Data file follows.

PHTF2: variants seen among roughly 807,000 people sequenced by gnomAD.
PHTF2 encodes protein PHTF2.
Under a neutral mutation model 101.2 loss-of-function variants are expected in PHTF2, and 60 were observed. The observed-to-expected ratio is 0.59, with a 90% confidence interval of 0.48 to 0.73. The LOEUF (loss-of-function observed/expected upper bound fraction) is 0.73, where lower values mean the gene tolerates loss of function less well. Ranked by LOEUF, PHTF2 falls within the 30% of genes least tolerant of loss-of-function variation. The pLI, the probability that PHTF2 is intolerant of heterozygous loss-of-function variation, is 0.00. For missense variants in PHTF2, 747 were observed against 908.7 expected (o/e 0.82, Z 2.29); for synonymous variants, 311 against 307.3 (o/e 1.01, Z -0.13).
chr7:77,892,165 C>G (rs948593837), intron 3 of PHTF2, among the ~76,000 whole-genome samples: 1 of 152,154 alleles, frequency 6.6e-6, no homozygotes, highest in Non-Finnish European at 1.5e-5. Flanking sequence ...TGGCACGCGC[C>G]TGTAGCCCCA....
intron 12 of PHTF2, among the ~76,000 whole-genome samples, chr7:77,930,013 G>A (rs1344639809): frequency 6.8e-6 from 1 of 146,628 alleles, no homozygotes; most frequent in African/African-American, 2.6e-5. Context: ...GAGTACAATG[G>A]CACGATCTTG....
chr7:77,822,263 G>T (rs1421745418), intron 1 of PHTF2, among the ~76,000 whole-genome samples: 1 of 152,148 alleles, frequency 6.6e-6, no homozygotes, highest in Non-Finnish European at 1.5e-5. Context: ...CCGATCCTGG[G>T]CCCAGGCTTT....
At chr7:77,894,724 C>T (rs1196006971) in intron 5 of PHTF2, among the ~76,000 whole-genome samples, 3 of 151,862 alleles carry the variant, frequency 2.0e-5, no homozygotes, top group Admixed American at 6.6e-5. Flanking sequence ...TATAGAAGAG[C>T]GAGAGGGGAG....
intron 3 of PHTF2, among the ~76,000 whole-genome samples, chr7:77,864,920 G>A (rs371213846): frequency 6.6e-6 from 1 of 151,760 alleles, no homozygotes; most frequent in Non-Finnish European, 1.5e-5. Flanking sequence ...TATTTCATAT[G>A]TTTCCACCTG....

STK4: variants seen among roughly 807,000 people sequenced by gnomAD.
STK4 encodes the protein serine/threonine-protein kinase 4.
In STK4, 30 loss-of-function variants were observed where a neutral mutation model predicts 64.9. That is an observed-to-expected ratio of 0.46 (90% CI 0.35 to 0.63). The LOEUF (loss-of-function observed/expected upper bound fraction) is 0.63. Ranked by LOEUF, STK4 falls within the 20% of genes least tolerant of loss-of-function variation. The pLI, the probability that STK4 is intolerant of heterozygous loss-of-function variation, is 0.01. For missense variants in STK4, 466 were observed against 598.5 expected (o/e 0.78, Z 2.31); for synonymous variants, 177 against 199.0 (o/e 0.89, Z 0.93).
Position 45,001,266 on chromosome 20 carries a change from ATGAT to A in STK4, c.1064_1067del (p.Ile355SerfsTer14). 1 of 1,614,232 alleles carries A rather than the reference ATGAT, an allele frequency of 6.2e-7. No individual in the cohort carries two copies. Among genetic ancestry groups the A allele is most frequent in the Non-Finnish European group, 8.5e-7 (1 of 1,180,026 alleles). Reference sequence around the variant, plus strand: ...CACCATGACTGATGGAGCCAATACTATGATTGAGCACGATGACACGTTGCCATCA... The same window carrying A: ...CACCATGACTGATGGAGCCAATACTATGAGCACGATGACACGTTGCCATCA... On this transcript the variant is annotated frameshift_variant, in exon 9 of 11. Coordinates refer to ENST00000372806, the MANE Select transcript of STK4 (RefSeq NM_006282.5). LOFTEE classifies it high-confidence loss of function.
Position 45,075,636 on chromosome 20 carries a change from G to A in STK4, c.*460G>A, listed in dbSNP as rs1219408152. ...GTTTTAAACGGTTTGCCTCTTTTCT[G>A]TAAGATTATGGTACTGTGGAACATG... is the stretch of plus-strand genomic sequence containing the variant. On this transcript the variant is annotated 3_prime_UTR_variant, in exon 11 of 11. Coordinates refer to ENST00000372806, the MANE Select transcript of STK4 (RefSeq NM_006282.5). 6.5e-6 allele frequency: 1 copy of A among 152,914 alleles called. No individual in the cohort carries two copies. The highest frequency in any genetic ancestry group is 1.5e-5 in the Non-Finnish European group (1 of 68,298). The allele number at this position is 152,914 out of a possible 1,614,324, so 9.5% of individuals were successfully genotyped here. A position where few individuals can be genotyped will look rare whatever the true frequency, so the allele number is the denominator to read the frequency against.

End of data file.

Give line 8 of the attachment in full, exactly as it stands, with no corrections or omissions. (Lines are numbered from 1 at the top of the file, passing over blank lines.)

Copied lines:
intron 3 of PHTF2, among the ~76,000 whole-genome samples, chr7:77,864,920 G>A (rs371213846): frequency 6.6e-6 from 1 of 151,760 alleles, no homozygotes; most frequent in Non-Finnish European, 1.5e-5. Flanking sequence ...TATTTCATAT[G>A]TTTCCACCTG....